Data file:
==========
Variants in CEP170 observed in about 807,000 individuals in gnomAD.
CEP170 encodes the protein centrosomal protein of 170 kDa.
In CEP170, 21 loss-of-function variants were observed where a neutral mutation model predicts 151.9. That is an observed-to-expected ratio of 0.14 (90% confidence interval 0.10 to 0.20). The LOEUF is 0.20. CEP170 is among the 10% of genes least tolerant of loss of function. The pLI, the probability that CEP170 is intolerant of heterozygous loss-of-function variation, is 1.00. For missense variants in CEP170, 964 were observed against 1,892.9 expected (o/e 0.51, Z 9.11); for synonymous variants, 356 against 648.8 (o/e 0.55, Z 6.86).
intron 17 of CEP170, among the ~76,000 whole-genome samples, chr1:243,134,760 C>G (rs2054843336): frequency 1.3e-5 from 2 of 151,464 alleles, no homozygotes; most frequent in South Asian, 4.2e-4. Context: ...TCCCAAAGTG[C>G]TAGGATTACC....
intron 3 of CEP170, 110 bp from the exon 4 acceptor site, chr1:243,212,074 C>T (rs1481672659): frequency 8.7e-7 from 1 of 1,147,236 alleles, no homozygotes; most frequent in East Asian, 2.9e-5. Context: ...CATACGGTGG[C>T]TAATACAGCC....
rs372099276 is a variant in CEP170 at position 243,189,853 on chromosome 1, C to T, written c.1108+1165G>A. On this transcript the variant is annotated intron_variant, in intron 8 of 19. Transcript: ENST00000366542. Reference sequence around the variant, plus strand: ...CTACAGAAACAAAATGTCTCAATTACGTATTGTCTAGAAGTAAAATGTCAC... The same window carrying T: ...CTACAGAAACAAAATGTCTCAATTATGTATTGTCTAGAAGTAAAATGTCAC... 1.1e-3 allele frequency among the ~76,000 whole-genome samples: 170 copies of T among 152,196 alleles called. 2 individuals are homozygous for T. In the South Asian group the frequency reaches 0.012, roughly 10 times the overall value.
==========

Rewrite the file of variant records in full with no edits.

Variants in CEP170 observed in about 807,000 individuals in gnomAD.
CEP170 encodes the protein centrosomal protein of 170 kDa.
In CEP170, 21 loss-of-function variants were observed where a neutral mutation model predicts 151.9. That is an observed-to-expected ratio of 0.14 (90% confidence interval 0.10 to 0.20). The LOEUF is 0.20. CEP170 is among the 10% of genes least tolerant of loss of function. The pLI, the probability that CEP170 is intolerant of heterozygous loss-of-function variation, is 1.00. For missense variants in CEP170, 964 were observed against 1,892.9 expected (o/e 0.51, Z 9.11); for synonymous variants, 356 against 648.8 (o/e 0.55, Z 6.86).
intron 17 of CEP170, among the ~76,000 whole-genome samples, chr1:243,134,760 C>G (rs2054843336): frequency 1.3e-5 from 2 of 151,464 alleles, no homozygotes; most frequent in South Asian, 4.2e-4. Context: ...TCCCAAAGTG[C>G]TAGGATTACC....
intron 3 of CEP170, 110 bp from the exon 4 acceptor site, chr1:243,212,074 C>T (rs1481672659): frequency 8.7e-7 from 1 of 1,147,236 alleles, no homozygotes; most frequent in East Asian, 2.9e-5. Context: ...CATACGGTGG[C>T]TAATACAGCC....
rs372099276 is a variant in CEP170 at position 243,189,853 on chromosome 1, C to T, written c.1108+1165G>A. On this transcript the variant is annotated intron_variant, in intron 8 of 19. Transcript: ENST00000366542. Reference sequence around the variant, plus strand: ...CTACAGAAACAAAATGTCTCAATTACGTATTGTCTAGAAGTAAAATGTCAC... The same window carrying T: ...CTACAGAAACAAAATGTCTCAATTATGTATTGTCTAGAAGTAAAATGTCAC... 1.1e-3 allele frequency among the ~76,000 whole-genome samples: 170 copies of T among 152,196 alleles called. 2 individuals are homozygous for T. In the South Asian group the frequency reaches 0.012, roughly 10 times the overall value.